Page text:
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Inbox management almost sounds like a foreign term to most these days. I’ve worked with several clients who had not even considered the idea of having their inbox “managed” before working with a virtual assistant such as myself.
But how do I manage my own inbox when I am managing others? Let me share the ways!
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Let me just start by sharing that the term “inbox zero” is pretty much a “unicorn” term. It sounds so magical, but it doesn’t really exist.
The sooner I realized this, the better!
Every great once in a while, I will look at my inbox for a moment and see a “zero”. But then a rush of emails comes in and that zero is now a “40”.
Oh well. It’s all good – in my virtual assistant business, email is my most used form of communication and is vital for everyday operations.
Inbox zero for me simply means either I’m not doing my job or I rock pretty hardcore. (the latter is probably true, of course)
Please note that I use Gmail exclusively so be advised that some of these tips may not apply if you use Outlook or another email client. Proceed with caution.
1. Set up Filters & Folders. ASAP.
As someone who uses my inbox as my to-do list (who doesn’t?), it’s vital that my inbox is neat and tidy. One of the most important inbox management tools I use are “email filters”.
I utilize the filters to automate the process of labeling emails and delegating to the appropriate folders and subfolders. Some examples are “client/Joe Schmoe”, “Business/Receipts”, and “Apps/Asana”.
When a task email is complete, I simply hit “archive” and it disappears to the wonderful depths of said folder. Voila.
2. Find an Inbox Management extension.
In terms of apps/extensions for Gmail such as Streak, Sanebox, Sortd, etc. I have tried them all! My absolute favorite is ActiveInbox. It has a very simple and clean interface that nicely compliments your workflow.
Essentially, you’re turning your email into “tasks” and marking their priority by the due date.
You also can label the status as “to do” or “waiting on” which I was totally doing the old-school way with labels anyway before I found this program.
The beauty of ActiveInbox is that none of my emails get lost in the depths of my inbox.
At the top of my inbox is my “Today” view that allows me to visually see what needs my attention today with its status.
Each email is so nicely labeled, marked by priority and when the task is “completed”, the email is archived to the respective folder/subfolder. The productivity this allows me is remarkable.
You can try ActiveInbox for a couple of weeks for free but, like most great things, there is a fee that you’ll need to satisfy to keep this amazing tool.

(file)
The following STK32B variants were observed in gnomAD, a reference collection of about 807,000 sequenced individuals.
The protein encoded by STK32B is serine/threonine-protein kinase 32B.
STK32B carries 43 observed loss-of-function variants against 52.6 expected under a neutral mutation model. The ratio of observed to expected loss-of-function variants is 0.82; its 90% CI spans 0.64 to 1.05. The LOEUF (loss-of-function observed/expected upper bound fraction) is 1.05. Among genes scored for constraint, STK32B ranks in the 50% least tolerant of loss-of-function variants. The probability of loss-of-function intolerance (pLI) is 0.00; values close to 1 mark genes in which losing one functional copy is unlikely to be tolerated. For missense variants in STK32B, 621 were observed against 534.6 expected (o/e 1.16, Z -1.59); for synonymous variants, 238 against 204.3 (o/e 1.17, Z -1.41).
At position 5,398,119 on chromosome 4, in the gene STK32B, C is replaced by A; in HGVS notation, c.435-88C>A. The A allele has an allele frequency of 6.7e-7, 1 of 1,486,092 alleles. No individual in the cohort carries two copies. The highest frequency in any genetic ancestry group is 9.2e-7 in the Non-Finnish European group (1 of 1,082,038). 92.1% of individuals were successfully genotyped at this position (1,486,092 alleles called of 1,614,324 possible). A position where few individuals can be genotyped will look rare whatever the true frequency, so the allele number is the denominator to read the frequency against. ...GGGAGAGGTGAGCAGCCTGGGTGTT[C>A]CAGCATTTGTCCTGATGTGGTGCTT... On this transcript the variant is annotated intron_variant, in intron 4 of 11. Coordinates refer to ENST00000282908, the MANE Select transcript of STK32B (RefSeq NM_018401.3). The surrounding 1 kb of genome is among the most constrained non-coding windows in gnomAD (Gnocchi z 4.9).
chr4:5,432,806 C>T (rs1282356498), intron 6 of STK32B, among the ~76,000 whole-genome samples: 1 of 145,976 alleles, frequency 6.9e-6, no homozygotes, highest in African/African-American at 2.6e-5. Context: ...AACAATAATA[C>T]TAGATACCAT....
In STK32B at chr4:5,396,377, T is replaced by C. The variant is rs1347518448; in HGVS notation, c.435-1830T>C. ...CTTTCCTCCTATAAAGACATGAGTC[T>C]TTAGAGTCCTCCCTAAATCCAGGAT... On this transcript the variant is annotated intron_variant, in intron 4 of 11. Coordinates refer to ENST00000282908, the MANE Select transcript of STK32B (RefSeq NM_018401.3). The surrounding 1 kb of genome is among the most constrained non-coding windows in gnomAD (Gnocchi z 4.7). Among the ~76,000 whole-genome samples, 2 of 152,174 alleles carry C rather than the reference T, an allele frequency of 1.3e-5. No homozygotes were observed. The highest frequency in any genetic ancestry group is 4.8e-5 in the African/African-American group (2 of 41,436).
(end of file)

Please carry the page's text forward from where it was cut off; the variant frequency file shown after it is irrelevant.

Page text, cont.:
I believe it’s about $45 for a year and it is worth every penny. It has been a total lifesaver for running my virtual assistant business.
3. Unsubscribe from (almost) everything.
You can do it! These days we get opted in for email lists in so many different ways that it can be hard to avoid them.
You can even use the filters I mentioned above to “filter” them out so they skip your inbox and go straight to a specified folder to read at your leisure (or forget about.)
If you know you’ll never read it, just unsubscribe. No one’s feelings will be hurt.
4. Try Gmail Labs!
In the Gmail Settings, there is a magical section named “Labs” that has some really cool add-ons that can maximize your efficiency.
There is a Canned Response option (highly recommend!), an Unsend button (YES!), and a few other gems.
5. Schedule your email.
If you’re anything like me, you will find yourself working sometimes into the late hours of the night, and to keep your boundaries set, you cannot hit “send” right now.
But you also don’t want to forget that important email in the depths of your draft folder either.
Enter Boomerang. This amazing email scheduling extension for Gmail allows you to schedule an email to be sent in the future (or return to your inbox on a certain date/time).
They give you 15 or so free “credits” a month or the paid version will run you a low monthly fee. I have always used the free version but have considered the paid version as well. Either way, I could not recommend it more.
I do have one last tip to offer that doesn’t really fit into the above list.
If you use an app on your phone to check your work email, turn it in the “off” position when you are not working!
I have done this since the beginning of my work-at-home career and can’t imagine things otherwise. Out of sight and (mostly) out of mind until I am back at my desk! Also, turn off all notifications. I check my email enough and do not need a reminder.
What do you use to tame the inbox beast? I would love to hear your best inbox management tips.